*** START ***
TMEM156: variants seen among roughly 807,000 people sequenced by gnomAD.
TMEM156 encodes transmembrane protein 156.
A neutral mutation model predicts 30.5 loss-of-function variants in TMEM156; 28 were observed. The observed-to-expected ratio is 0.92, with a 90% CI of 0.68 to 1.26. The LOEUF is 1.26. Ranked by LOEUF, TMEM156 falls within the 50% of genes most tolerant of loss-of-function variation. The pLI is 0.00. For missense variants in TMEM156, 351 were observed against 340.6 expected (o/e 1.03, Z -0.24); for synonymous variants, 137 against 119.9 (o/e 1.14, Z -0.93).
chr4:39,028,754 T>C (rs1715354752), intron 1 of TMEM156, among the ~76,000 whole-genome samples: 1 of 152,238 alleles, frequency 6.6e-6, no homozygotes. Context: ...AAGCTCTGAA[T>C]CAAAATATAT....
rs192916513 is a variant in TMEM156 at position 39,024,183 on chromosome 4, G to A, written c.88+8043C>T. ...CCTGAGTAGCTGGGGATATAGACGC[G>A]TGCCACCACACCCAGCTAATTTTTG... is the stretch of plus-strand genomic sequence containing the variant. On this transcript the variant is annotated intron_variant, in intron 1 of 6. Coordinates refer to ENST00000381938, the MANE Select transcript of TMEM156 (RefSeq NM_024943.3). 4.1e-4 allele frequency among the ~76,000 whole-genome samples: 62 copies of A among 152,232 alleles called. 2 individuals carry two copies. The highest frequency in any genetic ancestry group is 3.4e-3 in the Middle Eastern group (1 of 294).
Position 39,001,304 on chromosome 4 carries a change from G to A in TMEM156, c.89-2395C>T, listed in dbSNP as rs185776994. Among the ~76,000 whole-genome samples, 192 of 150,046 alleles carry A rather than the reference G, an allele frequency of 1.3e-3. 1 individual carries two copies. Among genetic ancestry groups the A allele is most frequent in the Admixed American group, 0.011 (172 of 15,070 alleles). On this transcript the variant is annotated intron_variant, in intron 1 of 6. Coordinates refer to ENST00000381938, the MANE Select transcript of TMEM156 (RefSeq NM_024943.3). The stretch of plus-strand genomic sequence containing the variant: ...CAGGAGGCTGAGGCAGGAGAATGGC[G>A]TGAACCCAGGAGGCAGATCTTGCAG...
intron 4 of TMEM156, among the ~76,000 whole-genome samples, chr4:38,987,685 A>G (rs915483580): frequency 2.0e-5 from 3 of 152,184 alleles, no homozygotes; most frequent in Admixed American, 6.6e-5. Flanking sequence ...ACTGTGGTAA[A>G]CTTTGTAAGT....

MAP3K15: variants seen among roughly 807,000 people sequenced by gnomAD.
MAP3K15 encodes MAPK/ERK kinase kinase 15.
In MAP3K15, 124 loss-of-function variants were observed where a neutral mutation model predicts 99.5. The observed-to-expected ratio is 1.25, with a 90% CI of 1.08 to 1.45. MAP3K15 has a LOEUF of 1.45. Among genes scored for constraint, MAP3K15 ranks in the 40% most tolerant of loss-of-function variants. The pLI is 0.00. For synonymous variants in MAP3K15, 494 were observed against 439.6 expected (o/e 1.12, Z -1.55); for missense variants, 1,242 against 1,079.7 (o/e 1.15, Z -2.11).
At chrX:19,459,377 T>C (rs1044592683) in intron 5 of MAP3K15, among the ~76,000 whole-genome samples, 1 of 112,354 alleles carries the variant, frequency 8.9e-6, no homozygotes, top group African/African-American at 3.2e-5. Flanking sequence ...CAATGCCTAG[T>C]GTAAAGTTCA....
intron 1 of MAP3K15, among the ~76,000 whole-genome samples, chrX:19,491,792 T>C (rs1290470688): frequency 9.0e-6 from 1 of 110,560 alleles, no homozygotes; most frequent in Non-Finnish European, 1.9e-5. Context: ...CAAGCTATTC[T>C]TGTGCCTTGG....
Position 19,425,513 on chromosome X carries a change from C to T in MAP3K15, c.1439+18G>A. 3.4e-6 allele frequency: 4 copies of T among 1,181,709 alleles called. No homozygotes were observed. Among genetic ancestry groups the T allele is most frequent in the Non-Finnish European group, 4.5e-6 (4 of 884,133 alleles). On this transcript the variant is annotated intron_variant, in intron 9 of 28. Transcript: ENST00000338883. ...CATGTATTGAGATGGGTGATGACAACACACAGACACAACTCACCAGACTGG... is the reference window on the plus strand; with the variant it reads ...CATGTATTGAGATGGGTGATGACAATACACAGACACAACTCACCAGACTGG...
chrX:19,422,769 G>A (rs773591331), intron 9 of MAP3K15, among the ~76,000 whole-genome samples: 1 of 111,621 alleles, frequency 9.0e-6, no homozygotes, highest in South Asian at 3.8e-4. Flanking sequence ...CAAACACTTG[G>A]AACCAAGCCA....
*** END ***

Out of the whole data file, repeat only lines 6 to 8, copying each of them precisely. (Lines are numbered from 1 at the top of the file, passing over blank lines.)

Position 39,001,304 on chromosome 4 carries a change from G to A in TMEM156, c.89-2395C>T, listed in dbSNP as rs185776994. Among the ~76,000 whole-genome samples, 192 of 150,046 alleles carry A rather than the reference G, an allele frequency of 1.3e-3. 1 individual carries two copies. Among genetic ancestry groups the A allele is most frequent in the Admixed American group, 0.011 (172 of 15,070 alleles). On this transcript the variant is annotated intron_variant, in intron 1 of 6. Coordinates refer to ENST00000381938, the MANE Select transcript of TMEM156 (RefSeq NM_024943.3). The stretch of plus-strand genomic sequence containing the variant: ...CAGGAGGCTGAGGCAGGAGAATGGC[G>A]TGAACCCAGGAGGCAGATCTTGCAG...
intron 4 of TMEM156, among the ~76,000 whole-genome samples, chr4:38,987,685 A>G (rs915483580): frequency 2.0e-5 from 3 of 152,184 alleles, no homozygotes; most frequent in Admixed American, 6.6e-5. Flanking sequence ...ACTGTGGTAA[A>G]CTTTGTAAGT....

MAP3K15: variants seen among roughly 807,000 people sequenced by gnomAD.